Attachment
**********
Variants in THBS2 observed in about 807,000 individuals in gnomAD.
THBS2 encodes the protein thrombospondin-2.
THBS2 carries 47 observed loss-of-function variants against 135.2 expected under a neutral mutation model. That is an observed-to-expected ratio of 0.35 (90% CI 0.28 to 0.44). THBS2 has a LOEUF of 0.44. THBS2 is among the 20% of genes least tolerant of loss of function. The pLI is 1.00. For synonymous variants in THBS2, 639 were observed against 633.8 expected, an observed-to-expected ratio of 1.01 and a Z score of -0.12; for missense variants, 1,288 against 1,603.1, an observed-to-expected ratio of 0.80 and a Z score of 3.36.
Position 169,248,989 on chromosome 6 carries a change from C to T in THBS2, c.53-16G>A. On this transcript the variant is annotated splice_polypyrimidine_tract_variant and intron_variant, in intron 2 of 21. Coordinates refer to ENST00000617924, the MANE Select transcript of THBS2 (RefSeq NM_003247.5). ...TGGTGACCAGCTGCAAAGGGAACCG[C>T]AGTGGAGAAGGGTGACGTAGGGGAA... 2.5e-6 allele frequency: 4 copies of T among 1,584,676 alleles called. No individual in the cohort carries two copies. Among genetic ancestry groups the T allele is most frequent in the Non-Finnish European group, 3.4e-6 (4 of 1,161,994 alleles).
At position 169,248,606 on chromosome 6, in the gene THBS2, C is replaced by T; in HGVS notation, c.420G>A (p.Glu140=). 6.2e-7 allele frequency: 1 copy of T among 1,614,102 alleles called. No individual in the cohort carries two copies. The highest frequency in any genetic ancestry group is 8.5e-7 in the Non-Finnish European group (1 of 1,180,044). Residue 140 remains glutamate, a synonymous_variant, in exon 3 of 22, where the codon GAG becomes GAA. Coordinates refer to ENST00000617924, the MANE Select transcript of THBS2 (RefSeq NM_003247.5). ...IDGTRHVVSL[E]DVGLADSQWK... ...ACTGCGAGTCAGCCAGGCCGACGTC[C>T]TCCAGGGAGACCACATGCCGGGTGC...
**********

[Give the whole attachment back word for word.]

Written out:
Variants in THBS2 observed in about 807,000 individuals in gnomAD.
THBS2 encodes the protein thrombospondin-2.
THBS2 carries 47 observed loss-of-function variants against 135.2 expected under a neutral mutation model. That is an observed-to-expected ratio of 0.35 (90% CI 0.28 to 0.44). THBS2 has a LOEUF of 0.44. THBS2 is among the 20% of genes least tolerant of loss of function. The pLI is 1.00. For synonymous variants in THBS2, 639 were observed against 633.8 expected, an observed-to-expected ratio of 1.01 and a Z score of -0.12; for missense variants, 1,288 against 1,603.1, an observed-to-expected ratio of 0.80 and a Z score of 3.36.
Position 169,248,989 on chromosome 6 carries a change from C to T in THBS2, c.53-16G>A. On this transcript the variant is annotated splice_polypyrimidine_tract_variant and intron_variant, in intron 2 of 21. Coordinates refer to ENST00000617924, the MANE Select transcript of THBS2 (RefSeq NM_003247.5). ...TGGTGACCAGCTGCAAAGGGAACCG[C>T]AGTGGAGAAGGGTGACGTAGGGGAA... 2.5e-6 allele frequency: 4 copies of T among 1,584,676 alleles called. No individual in the cohort carries two copies. Among genetic ancestry groups the T allele is most frequent in the Non-Finnish European group, 3.4e-6 (4 of 1,161,994 alleles).
At position 169,248,606 on chromosome 6, in the gene THBS2, C is replaced by T; in HGVS notation, c.420G>A (p.Glu140=). 6.2e-7 allele frequency: 1 copy of T among 1,614,102 alleles called. No individual in the cohort carries two copies. The highest frequency in any genetic ancestry group is 8.5e-7 in the Non-Finnish European group (1 of 1,180,044). Residue 140 remains glutamate, a synonymous_variant, in exon 3 of 22, where the codon GAG becomes GAA. Coordinates refer to ENST00000617924, the MANE Select transcript of THBS2 (RefSeq NM_003247.5). ...IDGTRHVVSL[E]DVGLADSQWK... ...ACTGCGAGTCAGCCAGGCCGACGTC[C>T]TCCAGGGAGACCACATGCCGGGTGC...